Have you ever made homemade bacon? No? I highly recommend it. Papa worked on this over the last couple of weeks, and for the past few days we have living “high on the hog” (pun intended).
The process starts by putting a rub / brine on a pork belly and letting it sit in the refrigerator for 7-10 days. We put ours in vacuum-sealed packages to make it easier to flip each day. Unfortunately, I didn’t think to get a picture of this process. I also don’t have the recipe handy – that is if Papa has found it again. He got it off the internet and I know it used Morton’s Tender Quick, brown sugar, and pepper, but I’m not sure what else.
After a significant amount of water has been pulled out, the pork belly sits for another 24 hours in the refrigerator in open-air to dry it out a little more.
Next comes the smoking process.
Papa drilled two holes in the cover of an old smoker so he could thread a rod through it and put hanging hooks/spikes for the bacon slabs. Here the bacon is ready to smoke.
See all that wonderful smoke coming out? (Yes, this is sitting on top of our septic tank. It brought the whole operation up higher so it was easier to monitor and had the added benefit of making it less likely of some little one running into it!)
Warning: Do not attempt this on an empty stomach. We were hungry for hours!
After an hour or so it already has a nice look to it.
Papa let the pork belly smoke for 2 to 3 hours (until we couldn’t stand it anymore). See Finley waiting patiently in the background?
The bottoms of a couple of sections got a little dark. Apparently, his wood chips were a bit hot and this wasn’t entirely a cold-smoking process. They aren’t ruined though. He also did some “Canadian bacon” – a pork tenderloin smoked the same way. Yum!
Next came the hardest part of all … letting it cool and solidify in the refrigerator overnight again. *sigh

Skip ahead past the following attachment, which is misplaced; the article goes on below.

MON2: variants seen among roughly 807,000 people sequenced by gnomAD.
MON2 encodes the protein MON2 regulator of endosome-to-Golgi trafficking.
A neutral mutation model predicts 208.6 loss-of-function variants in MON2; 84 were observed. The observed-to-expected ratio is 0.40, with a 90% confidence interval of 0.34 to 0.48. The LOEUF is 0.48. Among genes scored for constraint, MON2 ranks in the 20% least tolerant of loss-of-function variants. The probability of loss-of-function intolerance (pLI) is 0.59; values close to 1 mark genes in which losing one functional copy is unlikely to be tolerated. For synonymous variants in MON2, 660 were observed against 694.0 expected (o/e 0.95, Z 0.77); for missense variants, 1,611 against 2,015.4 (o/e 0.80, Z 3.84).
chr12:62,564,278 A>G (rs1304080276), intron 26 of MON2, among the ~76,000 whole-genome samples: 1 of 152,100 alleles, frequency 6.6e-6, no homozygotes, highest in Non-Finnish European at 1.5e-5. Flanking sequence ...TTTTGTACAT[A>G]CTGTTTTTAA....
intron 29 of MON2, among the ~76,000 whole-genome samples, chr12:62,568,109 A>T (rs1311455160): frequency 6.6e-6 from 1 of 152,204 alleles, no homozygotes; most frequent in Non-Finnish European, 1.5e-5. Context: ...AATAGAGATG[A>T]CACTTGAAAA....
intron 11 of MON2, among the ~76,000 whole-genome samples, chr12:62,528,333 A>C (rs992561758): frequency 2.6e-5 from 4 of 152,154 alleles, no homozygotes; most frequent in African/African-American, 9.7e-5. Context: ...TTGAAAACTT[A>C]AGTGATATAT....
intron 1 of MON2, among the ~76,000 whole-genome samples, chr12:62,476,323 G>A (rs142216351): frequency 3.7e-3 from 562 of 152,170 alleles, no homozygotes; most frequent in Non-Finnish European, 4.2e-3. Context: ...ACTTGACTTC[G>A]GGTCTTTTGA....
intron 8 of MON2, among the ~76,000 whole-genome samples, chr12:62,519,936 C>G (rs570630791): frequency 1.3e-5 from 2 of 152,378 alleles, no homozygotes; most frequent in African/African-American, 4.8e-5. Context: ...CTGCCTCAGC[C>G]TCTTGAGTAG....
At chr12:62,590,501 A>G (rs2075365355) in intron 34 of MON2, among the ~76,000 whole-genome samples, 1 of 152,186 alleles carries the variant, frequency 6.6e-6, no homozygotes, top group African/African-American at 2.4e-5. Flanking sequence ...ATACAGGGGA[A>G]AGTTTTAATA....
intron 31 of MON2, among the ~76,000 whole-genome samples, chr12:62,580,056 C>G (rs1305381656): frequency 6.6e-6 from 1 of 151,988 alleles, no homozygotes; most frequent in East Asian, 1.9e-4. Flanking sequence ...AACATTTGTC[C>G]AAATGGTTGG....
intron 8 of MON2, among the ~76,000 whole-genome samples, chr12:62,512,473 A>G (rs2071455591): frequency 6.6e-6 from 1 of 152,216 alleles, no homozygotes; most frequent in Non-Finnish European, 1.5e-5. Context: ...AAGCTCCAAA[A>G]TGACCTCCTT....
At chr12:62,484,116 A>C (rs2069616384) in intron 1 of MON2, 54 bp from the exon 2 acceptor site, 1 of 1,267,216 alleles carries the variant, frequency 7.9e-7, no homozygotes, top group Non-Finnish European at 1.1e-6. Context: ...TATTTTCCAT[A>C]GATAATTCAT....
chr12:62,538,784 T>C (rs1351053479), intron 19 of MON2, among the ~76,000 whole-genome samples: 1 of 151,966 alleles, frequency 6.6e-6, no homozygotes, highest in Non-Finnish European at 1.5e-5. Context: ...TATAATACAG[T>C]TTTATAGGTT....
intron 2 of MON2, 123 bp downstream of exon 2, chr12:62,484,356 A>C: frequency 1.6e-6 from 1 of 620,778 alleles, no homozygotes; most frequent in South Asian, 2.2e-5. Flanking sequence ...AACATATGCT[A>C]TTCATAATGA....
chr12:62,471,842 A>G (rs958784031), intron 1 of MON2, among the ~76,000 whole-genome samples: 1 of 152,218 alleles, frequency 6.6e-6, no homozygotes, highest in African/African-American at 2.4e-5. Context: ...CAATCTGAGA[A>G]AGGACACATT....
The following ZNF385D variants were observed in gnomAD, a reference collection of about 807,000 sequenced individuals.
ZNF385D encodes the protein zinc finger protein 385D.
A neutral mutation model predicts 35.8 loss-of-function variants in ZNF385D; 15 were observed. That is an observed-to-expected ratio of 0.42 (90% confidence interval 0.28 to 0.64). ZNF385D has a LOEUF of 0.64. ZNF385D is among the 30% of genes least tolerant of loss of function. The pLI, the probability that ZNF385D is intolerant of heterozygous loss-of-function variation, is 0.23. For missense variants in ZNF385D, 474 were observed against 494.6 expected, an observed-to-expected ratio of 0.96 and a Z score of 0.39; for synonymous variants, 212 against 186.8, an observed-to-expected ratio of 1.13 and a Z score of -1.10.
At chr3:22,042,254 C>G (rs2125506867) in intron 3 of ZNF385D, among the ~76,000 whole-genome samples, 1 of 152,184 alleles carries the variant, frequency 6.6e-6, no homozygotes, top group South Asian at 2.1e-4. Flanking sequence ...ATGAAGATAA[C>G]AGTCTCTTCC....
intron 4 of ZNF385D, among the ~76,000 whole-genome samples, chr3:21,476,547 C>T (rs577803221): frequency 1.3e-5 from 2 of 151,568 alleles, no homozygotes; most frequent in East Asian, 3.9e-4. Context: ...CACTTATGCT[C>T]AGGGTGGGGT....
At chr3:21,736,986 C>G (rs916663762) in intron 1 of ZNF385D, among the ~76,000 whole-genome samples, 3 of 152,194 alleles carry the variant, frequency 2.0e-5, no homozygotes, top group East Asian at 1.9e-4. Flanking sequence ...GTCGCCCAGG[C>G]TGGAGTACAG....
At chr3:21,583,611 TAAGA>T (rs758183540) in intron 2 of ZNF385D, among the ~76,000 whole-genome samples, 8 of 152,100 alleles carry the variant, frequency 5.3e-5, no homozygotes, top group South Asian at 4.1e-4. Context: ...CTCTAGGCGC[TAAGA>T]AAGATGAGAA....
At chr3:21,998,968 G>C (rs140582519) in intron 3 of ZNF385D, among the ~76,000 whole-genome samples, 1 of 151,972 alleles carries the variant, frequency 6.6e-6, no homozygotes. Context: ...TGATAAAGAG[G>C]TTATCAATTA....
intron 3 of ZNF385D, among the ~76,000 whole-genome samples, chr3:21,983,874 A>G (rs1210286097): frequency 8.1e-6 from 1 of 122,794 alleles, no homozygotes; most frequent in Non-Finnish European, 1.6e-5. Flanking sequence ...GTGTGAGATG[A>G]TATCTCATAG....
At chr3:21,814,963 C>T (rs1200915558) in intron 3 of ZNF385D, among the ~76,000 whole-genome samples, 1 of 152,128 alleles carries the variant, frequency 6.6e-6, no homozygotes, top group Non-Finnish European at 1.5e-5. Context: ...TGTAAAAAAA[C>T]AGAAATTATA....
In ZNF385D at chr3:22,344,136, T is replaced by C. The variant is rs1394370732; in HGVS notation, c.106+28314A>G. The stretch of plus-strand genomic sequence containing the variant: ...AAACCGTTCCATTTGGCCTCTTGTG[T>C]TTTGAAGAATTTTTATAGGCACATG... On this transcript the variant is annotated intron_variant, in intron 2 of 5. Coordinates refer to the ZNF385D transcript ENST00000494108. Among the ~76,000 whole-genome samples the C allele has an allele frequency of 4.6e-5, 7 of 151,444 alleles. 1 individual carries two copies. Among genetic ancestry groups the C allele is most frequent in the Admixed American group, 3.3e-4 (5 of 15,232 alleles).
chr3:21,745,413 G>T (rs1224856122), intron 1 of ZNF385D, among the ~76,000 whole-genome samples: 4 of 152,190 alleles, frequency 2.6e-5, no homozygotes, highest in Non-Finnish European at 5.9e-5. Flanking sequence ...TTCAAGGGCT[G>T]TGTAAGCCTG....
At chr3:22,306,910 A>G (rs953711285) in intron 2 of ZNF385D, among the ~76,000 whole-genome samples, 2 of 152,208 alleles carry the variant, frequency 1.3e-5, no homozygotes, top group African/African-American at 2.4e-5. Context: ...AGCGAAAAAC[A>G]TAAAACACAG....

Papa tried making bacon a couple of years ago … a recipe that ended up a bit too salty. What was harder on him was trying to get the slices even. The next winter, one of his Christmas presents was a meat slicer. We’ve used it several times for meat – and for cheese, but this was his first opportunity to try it with the bacon.
Doesn’t that look good?! Not all of the bacon contained that much meat. There were some end pieces that were mostly fat but we’ll find a use for them.
Once the bacon was all sliced, it was packaged into approximately 1-pound increments, vacuum-sealed, and placed in the freezer. Well, except for the odd pieces that occurred during the slicing process, which we had to fry up and taste test right away!
Homemade bacon has a much more smokey flavor than anything you’d find in the store. We’ve had three meals with it already and I love just taking it out of the package. Not to mention how wonderful the house smells after you’ve cooked it.
This was Sunday’s brunch. My plate was a little light on the bacon (I’m trying to lighten my fat intake), but baked in the oven it turned out beautifully crisp and delicious. And see those cinnamon raisin bagels? Also homemade by Papa the night before. Did I ever mention how spoiled we all are?
We estimated that with the cost of the pork belly, the Morton’s Tender Quick, and other spices (which should do multiple batches) and the wood chips, the cost of this bacon probably ended up close to $4.00 per pound. But the last time I went to purchase bacon in the store that wasn’t on sale, it was $2-3 more per pound! So this is definitely worth the effort.
What do you think? Would you be willing to try making bacon?
3 Replies to “Makin’ Bacon”
Wow! That is awesome. We raise our own pork and I keep thinking we should try our hand at doing the bacon ourselves. Thank you!
Do you slaughter your own hogs? We raise a few hogs each year but send them out for slaughtering and butchering.
Wendy – the only “livestock” we have are chickens. We just don’t have the room at this point for a cow or pigs … someday soon I hope! I’m thinking we’d have to send ours out too. We’re both just too tenderhearted and tend to get attached to our animals 🙂